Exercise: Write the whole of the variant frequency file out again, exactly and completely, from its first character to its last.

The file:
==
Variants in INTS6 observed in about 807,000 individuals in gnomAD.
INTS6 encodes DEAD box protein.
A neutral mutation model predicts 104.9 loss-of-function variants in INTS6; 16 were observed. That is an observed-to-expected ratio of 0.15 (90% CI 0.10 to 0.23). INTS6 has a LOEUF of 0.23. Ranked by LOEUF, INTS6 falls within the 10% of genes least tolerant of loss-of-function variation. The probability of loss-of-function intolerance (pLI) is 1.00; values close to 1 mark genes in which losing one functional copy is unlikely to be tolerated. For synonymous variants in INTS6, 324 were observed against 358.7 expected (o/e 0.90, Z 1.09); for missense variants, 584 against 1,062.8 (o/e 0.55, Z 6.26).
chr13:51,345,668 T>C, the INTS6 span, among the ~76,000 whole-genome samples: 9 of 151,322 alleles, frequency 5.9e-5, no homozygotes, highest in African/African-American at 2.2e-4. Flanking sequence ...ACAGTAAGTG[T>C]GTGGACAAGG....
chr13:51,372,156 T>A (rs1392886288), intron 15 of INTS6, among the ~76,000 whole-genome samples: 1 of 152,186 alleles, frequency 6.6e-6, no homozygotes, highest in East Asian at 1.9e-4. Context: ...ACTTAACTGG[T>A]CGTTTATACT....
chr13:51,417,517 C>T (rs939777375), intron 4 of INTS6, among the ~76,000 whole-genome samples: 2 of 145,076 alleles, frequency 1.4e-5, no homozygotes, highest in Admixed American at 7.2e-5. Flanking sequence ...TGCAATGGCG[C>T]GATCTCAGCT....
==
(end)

Variants in INTS6 observed in about 807,000 individuals in gnomAD.
INTS6 encodes DEAD box protein.
A neutral mutation model predicts 104.9 loss-of-function variants in INTS6; 16 were observed. That is an observed-to-expected ratio of 0.15 (90% CI 0.10 to 0.23). INTS6 has a LOEUF of 0.23. Ranked by LOEUF, INTS6 falls within the 10% of genes least tolerant of loss-of-function variation. The probability of loss-of-function intolerance (pLI) is 1.00; values close to 1 mark genes in which losing one functional copy is unlikely to be tolerated. For synonymous variants in INTS6, 324 were observed against 358.7 expected (o/e 0.90, Z 1.09); for missense variants, 584 against 1,062.8 (o/e 0.55, Z 6.26).
chr13:51,345,668 T>C, the INTS6 span, among the ~76,000 whole-genome samples: 9 of 151,322 alleles, frequency 5.9e-5, no homozygotes, highest in African/African-American at 2.2e-4. Flanking sequence ...ACAGTAAGTG[T>C]GTGGACAAGG....
chr13:51,372,156 T>A (rs1392886288), intron 15 of INTS6, among the ~76,000 whole-genome samples: 1 of 152,186 alleles, frequency 6.6e-6, no homozygotes, highest in East Asian at 1.9e-4. Context: ...ACTTAACTGG[T>A]CGTTTATACT....
chr13:51,417,517 C>T (rs939777375), intron 4 of INTS6, among the ~76,000 whole-genome samples: 2 of 145,076 alleles, frequency 1.4e-5, no homozygotes, highest in Admixed American at 7.2e-5. Flanking sequence ...TGCAATGGCG[C>T]GATCTCAGCT....